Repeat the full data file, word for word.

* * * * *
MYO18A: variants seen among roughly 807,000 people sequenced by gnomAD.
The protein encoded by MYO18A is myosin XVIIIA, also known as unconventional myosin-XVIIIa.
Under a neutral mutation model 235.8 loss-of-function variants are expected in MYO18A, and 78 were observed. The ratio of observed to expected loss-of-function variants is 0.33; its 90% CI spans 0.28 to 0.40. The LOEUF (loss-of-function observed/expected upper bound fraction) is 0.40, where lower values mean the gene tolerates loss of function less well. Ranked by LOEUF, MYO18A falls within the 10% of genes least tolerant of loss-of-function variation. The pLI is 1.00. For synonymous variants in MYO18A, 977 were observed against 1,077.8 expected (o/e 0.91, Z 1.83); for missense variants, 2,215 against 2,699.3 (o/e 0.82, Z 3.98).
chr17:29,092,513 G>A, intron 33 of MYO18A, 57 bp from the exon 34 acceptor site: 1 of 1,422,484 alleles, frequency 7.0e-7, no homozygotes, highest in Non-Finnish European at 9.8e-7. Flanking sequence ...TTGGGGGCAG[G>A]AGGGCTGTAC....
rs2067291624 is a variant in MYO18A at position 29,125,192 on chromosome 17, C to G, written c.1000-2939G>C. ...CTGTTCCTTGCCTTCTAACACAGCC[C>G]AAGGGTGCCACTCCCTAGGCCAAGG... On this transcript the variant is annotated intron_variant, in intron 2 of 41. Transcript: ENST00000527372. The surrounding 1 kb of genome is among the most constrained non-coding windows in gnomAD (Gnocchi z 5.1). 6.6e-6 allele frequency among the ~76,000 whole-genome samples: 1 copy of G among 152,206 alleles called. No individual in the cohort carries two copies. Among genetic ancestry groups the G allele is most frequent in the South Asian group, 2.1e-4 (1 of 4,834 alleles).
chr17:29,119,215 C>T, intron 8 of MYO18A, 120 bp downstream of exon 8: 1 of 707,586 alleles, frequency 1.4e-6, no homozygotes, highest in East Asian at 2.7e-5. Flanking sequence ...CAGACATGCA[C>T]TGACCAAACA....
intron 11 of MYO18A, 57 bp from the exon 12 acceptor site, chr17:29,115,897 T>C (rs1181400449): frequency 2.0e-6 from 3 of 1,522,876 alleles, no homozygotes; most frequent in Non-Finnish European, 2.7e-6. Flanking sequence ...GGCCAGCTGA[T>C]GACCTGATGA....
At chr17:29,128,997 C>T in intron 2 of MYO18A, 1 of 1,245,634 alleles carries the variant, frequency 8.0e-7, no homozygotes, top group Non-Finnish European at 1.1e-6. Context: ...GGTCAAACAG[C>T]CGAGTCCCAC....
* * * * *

MYO18A: variants seen among roughly 807,000 people sequenced by gnomAD.
The protein encoded by MYO18A is myosin XVIIIA, also known as unconventional myosin-XVIIIa.
Under a neutral mutation model 235.8 loss-of-function variants are expected in MYO18A, and 78 were observed. The ratio of observed to expected loss-of-function variants is 0.33; its 90% CI spans 0.28 to 0.40. The LOEUF (loss-of-function observed/expected upper bound fraction) is 0.40, where lower values mean the gene tolerates loss of function less well. Ranked by LOEUF, MYO18A falls within the 10% of genes least tolerant of loss-of-function variation. The pLI is 1.00. For synonymous variants in MYO18A, 977 were observed against 1,077.8 expected (o/e 0.91, Z 1.83); for missense variants, 2,215 against 2,699.3 (o/e 0.82, Z 3.98).
chr17:29,092,513 G>A, intron 33 of MYO18A, 57 bp from the exon 34 acceptor site: 1 of 1,422,484 alleles, frequency 7.0e-7, no homozygotes, highest in Non-Finnish European at 9.8e-7. Flanking sequence ...TTGGGGGCAG[G>A]AGGGCTGTAC....
rs2067291624 is a variant in MYO18A at position 29,125,192 on chromosome 17, C to G, written c.1000-2939G>C. ...CTGTTCCTTGCCTTCTAACACAGCC[C>G]AAGGGTGCCACTCCCTAGGCCAAGG... On this transcript the variant is annotated intron_variant, in intron 2 of 41. Transcript: ENST00000527372. The surrounding 1 kb of genome is among the most constrained non-coding windows in gnomAD (Gnocchi z 5.1). 6.6e-6 allele frequency among the ~76,000 whole-genome samples: 1 copy of G among 152,206 alleles called. No individual in the cohort carries two copies. Among genetic ancestry groups the G allele is most frequent in the South Asian group, 2.1e-4 (1 of 4,834 alleles).
chr17:29,119,215 C>T, intron 8 of MYO18A, 120 bp downstream of exon 8: 1 of 707,586 alleles, frequency 1.4e-6, no homozygotes, highest in East Asian at 2.7e-5. Flanking sequence ...CAGACATGCA[C>T]TGACCAAACA....
intron 11 of MYO18A, 57 bp from the exon 12 acceptor site, chr17:29,115,897 T>C (rs1181400449): frequency 2.0e-6 from 3 of 1,522,876 alleles, no homozygotes; most frequent in Non-Finnish European, 2.7e-6. Flanking sequence ...GGCCAGCTGA[T>C]GACCTGATGA....
At chr17:29,128,997 C>T in intron 2 of MYO18A, 1 of 1,245,634 alleles carries the variant, frequency 8.0e-7, no homozygotes, top group Non-Finnish European at 1.1e-6. Context: ...GGTCAAACAG[C>T]CGAGTCCCAC....